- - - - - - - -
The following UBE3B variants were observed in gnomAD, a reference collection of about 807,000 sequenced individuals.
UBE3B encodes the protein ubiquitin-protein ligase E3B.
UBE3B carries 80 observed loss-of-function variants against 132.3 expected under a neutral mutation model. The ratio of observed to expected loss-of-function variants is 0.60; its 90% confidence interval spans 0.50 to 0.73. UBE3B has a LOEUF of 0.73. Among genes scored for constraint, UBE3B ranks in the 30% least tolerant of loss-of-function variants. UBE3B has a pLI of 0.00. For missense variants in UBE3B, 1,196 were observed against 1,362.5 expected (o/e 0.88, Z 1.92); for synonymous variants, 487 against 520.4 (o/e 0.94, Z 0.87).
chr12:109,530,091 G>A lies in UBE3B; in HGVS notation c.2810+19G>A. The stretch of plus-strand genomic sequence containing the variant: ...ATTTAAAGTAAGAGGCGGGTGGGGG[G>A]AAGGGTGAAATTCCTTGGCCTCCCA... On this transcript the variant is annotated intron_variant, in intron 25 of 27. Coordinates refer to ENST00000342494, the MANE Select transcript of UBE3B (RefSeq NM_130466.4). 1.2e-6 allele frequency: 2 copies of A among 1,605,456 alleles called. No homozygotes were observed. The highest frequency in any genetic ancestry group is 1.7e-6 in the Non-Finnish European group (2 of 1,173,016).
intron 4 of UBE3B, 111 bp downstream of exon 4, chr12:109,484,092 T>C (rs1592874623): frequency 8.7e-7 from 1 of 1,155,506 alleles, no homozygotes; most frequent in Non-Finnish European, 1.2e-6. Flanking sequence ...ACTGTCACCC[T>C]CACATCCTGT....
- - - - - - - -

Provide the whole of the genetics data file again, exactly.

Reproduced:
The following UBE3B variants were observed in gnomAD, a reference collection of about 807,000 sequenced individuals.
UBE3B encodes the protein ubiquitin-protein ligase E3B.
UBE3B carries 80 observed loss-of-function variants against 132.3 expected under a neutral mutation model. The ratio of observed to expected loss-of-function variants is 0.60; its 90% confidence interval spans 0.50 to 0.73. UBE3B has a LOEUF of 0.73. Among genes scored for constraint, UBE3B ranks in the 30% least tolerant of loss-of-function variants. UBE3B has a pLI of 0.00. For missense variants in UBE3B, 1,196 were observed against 1,362.5 expected (o/e 0.88, Z 1.92); for synonymous variants, 487 against 520.4 (o/e 0.94, Z 0.87).
chr12:109,530,091 G>A lies in UBE3B; in HGVS notation c.2810+19G>A. The stretch of plus-strand genomic sequence containing the variant: ...ATTTAAAGTAAGAGGCGGGTGGGGG[G>A]AAGGGTGAAATTCCTTGGCCTCCCA... On this transcript the variant is annotated intron_variant, in intron 25 of 27. Coordinates refer to ENST00000342494, the MANE Select transcript of UBE3B (RefSeq NM_130466.4). 1.2e-6 allele frequency: 2 copies of A among 1,605,456 alleles called. No homozygotes were observed. The highest frequency in any genetic ancestry group is 1.7e-6 in the Non-Finnish European group (2 of 1,173,016).
intron 4 of UBE3B, 111 bp downstream of exon 4, chr12:109,484,092 T>C (rs1592874623): frequency 8.7e-7 from 1 of 1,155,506 alleles, no homozygotes; most frequent in Non-Finnish European, 1.2e-6. Flanking sequence ...ACTGTCACCC[T>C]CACATCCTGT....